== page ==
“Why Are We Afraid of Aging?”

By Tina Popadak

If I see a  wrinkle that I have not seen before.  Then I’m like darn, it’s too bad. Ou, well.. Whatever”

– Brigitte Bardot, a French animal rights activist and former actress, singer, and model.

Is Getting Old Your Main Fear?

Recently, I came across an inspiring video on Instagram that has had a lasting impact on me. It featured a beautiful young lady expressing her fearlessness toward the process of aging. As someone in my early thirties, I couldn’t help but notice the deepening wrinkles around my eyes and the gradual emergence of gray hair, gradually overtaking my Nutella-brown locks.

My hair has always been my pride and joy, something I cherished and appreciated. Thanks to my mom’s influence, I embraced my natural hair color from a young age and had never considered dyeing it. However, lately, I catch myself entertaining thoughts like, “Oh, maybe I should dye my hair soon.” It’s intriguing how we burden ourselves with concerns about wrinkles, face creams, gray hair, and various routines in a quest to preserve eternal youth.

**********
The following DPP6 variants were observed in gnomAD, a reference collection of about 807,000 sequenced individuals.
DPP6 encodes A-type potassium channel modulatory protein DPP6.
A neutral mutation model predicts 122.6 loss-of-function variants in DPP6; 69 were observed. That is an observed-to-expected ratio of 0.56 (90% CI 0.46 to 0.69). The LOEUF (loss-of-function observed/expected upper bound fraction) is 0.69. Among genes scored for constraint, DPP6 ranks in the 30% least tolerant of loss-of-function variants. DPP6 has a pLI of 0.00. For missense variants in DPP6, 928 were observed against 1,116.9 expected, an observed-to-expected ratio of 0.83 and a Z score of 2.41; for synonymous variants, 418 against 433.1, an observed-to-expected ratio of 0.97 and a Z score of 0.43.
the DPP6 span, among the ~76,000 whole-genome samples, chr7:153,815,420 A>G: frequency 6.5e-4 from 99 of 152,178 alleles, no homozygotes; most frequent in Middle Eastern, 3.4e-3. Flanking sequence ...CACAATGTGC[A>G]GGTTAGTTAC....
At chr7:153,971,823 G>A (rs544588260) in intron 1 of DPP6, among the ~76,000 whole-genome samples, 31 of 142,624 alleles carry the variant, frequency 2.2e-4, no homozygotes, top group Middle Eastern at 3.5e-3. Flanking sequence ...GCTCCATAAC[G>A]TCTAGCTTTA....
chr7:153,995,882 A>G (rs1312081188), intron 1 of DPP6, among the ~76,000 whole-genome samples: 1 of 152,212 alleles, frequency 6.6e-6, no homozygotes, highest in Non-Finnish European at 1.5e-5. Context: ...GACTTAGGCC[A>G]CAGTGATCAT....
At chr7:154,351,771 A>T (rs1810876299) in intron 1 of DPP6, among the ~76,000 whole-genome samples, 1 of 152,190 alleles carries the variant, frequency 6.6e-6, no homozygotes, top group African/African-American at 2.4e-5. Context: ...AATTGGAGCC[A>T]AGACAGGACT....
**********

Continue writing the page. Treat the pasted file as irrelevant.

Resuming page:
Bridgitte Bardot

Are You Fearless Too?

Bridgite’s courageous words truly inspired me, and I aspire to live by them as more wrinkles and gray hair inevitably appear in the years to come. I don’t mean to imply that I won’t continue caring for my outward appearance, but what about the inside? There is yet to be a magic solution that can grant us the strength to simply accept the fact that we will age. It’s a natural process that we should embrace rather than fear, with no need for anxiety.

“It’s completely natural it happens to everyone. We’re very young, we grow up, we age and then we die. It’s beautiful, a lady with white hair who is wise and can tell beautiful stories.

I think it’s really wonderful. There aren’t many left, and I believe women should just embrace aging.

Because at the end of the day, it’s much more beautiful to have a grandmother with white hair who looks like an elderly lady than to have a grandmother who is bleached, dyed, and made-up, who looks very much older but also really unhappy,” said Brigitte Bardot in 1973.